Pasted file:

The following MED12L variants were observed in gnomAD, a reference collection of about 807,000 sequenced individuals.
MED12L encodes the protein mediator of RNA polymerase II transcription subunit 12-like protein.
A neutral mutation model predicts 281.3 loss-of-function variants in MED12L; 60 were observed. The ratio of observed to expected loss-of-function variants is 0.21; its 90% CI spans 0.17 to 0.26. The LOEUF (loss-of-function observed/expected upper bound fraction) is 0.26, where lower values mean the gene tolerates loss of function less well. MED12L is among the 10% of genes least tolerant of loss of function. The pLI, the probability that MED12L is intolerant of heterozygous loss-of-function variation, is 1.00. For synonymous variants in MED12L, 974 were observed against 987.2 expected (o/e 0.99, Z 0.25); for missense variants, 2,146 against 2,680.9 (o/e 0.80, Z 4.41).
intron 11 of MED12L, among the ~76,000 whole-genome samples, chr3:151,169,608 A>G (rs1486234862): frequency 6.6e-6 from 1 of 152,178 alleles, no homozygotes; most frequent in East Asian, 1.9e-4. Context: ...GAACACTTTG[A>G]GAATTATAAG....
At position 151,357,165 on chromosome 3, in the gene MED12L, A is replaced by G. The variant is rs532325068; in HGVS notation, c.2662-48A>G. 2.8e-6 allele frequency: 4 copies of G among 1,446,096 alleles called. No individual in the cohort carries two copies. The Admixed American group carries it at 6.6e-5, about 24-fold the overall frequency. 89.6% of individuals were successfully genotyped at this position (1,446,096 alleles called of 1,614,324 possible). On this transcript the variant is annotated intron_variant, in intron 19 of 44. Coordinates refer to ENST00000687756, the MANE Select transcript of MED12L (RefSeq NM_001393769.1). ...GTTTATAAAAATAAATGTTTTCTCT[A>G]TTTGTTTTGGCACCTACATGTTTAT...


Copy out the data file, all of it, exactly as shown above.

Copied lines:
The following MED12L variants were observed in gnomAD, a reference collection of about 807,000 sequenced individuals.
MED12L encodes the protein mediator of RNA polymerase II transcription subunit 12-like protein.
A neutral mutation model predicts 281.3 loss-of-function variants in MED12L; 60 were observed. The ratio of observed to expected loss-of-function variants is 0.21; its 90% CI spans 0.17 to 0.26. The LOEUF (loss-of-function observed/expected upper bound fraction) is 0.26, where lower values mean the gene tolerates loss of function less well. MED12L is among the 10% of genes least tolerant of loss of function. The pLI, the probability that MED12L is intolerant of heterozygous loss-of-function variation, is 1.00. For synonymous variants in MED12L, 974 were observed against 987.2 expected (o/e 0.99, Z 0.25); for missense variants, 2,146 against 2,680.9 (o/e 0.80, Z 4.41).
intron 11 of MED12L, among the ~76,000 whole-genome samples, chr3:151,169,608 A>G (rs1486234862): frequency 6.6e-6 from 1 of 152,178 alleles, no homozygotes; most frequent in East Asian, 1.9e-4. Context: ...GAACACTTTG[A>G]GAATTATAAG....
At position 151,357,165 on chromosome 3, in the gene MED12L, A is replaced by G. The variant is rs532325068; in HGVS notation, c.2662-48A>G. 2.8e-6 allele frequency: 4 copies of G among 1,446,096 alleles called. No individual in the cohort carries two copies. The Admixed American group carries it at 6.6e-5, about 24-fold the overall frequency. 89.6% of individuals were successfully genotyped at this position (1,446,096 alleles called of 1,614,324 possible). On this transcript the variant is annotated intron_variant, in intron 19 of 44. Coordinates refer to ENST00000687756, the MANE Select transcript of MED12L (RefSeq NM_001393769.1). ...GTTTATAAAAATAAATGTTTTCTCT[A>G]TTTGTTTTGGCACCTACATGTTTAT...